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What Are Safety Matches and How Do They Work?

What Are Safety Matches and How Do They Work?

For campers who enjoy a crackling campfire, a match can be the difference between delicious s’mores and a night spent in the RV playing Uno. Fire cooks, warms hands, and provides light. The ability to start a fire is central to almost any successful camping trip. That’s where matches come in, and not just any matches. We’re talking safety matches.

Have you ever heard of them? Well, let us introduce you!

What Are Safety Matches? 

Have you ever looked at the end of those wooden matches in a thin cardboard box? They have red tips with a bit of white (phosphorus) on the very end. These are NOT safety matches. Most people know them as “strike anywhere” matches because you can strike them on anything with friction, and they will ignite. The most prevalent of these matches are the Diamond brand. You can find them in most grocery stores. You can strike them on hard, dry, and rough surfaces, varying from items like rock, wood, or brick. 

Safety matches do not have a white tip. They only ignite on specially prepared surfaces on matchbooks and matchboxes. Without phosphorus, the match head only has one active ingredient. To ignite it, you need to strike the match on the other active ingredient on the box.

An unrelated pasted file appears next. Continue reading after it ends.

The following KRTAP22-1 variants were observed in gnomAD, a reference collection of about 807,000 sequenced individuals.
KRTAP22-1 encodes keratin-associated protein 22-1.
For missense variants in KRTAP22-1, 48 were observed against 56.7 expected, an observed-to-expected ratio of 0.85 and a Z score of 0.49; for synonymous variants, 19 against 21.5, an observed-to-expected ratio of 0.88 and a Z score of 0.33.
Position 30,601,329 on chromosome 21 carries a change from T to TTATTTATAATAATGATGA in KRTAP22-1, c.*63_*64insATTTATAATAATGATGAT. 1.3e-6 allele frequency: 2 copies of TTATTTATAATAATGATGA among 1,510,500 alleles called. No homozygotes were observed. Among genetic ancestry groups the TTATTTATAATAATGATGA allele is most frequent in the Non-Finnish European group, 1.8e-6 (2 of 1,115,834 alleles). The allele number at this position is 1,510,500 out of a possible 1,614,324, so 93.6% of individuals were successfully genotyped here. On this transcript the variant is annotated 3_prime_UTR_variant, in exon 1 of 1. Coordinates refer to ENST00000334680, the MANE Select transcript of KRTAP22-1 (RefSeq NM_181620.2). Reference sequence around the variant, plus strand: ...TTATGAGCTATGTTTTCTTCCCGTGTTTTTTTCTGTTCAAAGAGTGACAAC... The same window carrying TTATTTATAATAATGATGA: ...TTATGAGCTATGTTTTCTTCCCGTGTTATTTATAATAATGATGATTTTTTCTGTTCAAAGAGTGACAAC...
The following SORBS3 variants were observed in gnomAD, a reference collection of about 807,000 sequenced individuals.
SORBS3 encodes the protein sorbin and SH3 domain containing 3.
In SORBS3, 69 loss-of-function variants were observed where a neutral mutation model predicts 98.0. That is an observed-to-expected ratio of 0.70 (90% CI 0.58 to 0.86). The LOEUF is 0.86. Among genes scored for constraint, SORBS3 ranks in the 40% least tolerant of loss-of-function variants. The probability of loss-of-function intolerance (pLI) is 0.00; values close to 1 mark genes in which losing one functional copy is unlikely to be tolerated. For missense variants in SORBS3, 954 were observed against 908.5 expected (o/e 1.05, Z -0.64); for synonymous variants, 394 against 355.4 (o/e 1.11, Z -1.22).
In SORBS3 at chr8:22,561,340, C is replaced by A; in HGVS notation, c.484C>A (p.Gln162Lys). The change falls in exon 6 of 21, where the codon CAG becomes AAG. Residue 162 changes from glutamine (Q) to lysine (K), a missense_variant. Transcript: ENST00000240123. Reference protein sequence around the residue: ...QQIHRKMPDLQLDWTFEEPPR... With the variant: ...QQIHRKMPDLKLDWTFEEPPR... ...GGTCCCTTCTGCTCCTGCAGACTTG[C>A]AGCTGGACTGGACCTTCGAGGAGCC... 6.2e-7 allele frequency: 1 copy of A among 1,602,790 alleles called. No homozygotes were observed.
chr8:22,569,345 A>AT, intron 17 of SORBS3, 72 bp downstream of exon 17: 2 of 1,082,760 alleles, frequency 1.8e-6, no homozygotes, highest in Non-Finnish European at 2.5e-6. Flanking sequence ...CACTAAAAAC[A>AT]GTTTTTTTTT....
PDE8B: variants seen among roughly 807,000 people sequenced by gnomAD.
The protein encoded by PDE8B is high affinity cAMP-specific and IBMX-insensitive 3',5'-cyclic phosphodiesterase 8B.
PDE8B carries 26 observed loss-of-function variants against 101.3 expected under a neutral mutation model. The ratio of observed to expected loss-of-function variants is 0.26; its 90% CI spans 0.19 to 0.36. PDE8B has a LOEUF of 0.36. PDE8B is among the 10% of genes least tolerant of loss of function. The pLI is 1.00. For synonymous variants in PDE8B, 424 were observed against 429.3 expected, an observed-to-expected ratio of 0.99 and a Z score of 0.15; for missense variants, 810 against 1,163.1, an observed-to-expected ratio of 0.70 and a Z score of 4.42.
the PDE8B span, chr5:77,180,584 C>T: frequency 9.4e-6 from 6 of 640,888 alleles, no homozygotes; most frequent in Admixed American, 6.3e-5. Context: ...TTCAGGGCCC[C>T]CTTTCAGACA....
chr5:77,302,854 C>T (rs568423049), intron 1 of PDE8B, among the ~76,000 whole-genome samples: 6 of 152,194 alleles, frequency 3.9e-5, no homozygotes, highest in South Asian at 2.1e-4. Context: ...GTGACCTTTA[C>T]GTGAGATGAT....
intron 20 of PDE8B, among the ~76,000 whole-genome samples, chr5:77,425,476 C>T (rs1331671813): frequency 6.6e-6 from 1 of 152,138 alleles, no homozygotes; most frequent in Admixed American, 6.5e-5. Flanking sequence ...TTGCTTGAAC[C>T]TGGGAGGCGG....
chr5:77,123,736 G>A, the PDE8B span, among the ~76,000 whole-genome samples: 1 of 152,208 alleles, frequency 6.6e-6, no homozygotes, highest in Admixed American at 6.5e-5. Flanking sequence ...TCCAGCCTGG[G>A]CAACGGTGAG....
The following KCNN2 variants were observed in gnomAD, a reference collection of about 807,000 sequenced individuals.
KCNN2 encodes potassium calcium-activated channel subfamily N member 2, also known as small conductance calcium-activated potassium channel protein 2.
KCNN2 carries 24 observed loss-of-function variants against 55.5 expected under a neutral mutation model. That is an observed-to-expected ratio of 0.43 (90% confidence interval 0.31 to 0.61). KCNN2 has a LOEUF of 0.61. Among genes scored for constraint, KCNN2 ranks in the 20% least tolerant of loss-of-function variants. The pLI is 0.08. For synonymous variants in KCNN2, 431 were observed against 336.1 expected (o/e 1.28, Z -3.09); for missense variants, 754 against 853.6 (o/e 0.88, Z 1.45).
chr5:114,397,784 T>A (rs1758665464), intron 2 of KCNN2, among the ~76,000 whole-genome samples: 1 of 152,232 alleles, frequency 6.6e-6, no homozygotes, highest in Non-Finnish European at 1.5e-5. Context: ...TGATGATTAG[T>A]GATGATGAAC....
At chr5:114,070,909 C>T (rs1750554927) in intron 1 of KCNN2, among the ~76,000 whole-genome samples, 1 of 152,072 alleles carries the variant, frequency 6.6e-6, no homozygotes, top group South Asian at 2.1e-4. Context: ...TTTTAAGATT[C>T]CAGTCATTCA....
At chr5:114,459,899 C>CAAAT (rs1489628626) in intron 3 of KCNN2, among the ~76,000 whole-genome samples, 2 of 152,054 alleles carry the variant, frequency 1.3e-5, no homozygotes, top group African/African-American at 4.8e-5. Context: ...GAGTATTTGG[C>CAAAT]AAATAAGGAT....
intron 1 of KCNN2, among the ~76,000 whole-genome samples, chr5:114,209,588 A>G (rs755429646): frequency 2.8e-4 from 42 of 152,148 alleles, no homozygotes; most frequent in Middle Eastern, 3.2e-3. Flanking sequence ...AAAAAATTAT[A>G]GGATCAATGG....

Safety Matches vs. Strike Anywhere Matches: How Are They Different?

Why Are They Called Safety Matches? 

Because they do not have phosphorus on the ends, safety matches will not ‘accidentally’ start a fire by brushing up against a rock or other rough surface. They should be safe to store in hot, wet, or windy environments and don’t have the necessary chemical mixtures to ignite by accident.

Man starting campfire with match
Matches are great to assist in starting campfires, but make sure to pack safety matches for extra caution.

What Is the Difference Between Safety Matches and Strike Anywhere Matches? 

The main difference between safety matches and strike-anywhere matches is phosphorus. Because both ingredients needed for ignition are on the head of a strike-anywhere match, you can rub it on almost any hard, dry, and rough surface to ignite. Safety matches will not ignite until coming in contact with phosphorus. The boxes these matches come in have a red phosphorous mixture on the striking surface.

Pro Tip: No matches? No problem! Use these tips on How To Start A Fire Like An Expert.

How Do Safety Matches Work?

Safety matches cannot burn until they contact (1) friction and (2) phosphorus. The matches have red tips, including potassium chlorate, sulfur, and glass powder.

To ignite a safety match, you would have to strike the match against the phosphorus on the side of the matchbox. This surface consists of a chemical mixture of red phosphorus, binder, and powdered glass that acts as the catalyst with friction to create a flame.

Match on fire
Before you can roast s’mores, you must first start up a campfire with a safety match.

Are Safety Matches Waterproof?

Some safety matches are waterproof, while others are stormproof. Waterproof matches have wax over them so that they can absorb moisture. Stormproof matches hold up in the rain and wind.

Using Matches Vs. Lighters

Many campers bypass matches entirely, choosing to use lighters for their campfires, propane stoves, and lanterns at the campsite. There are several benefits: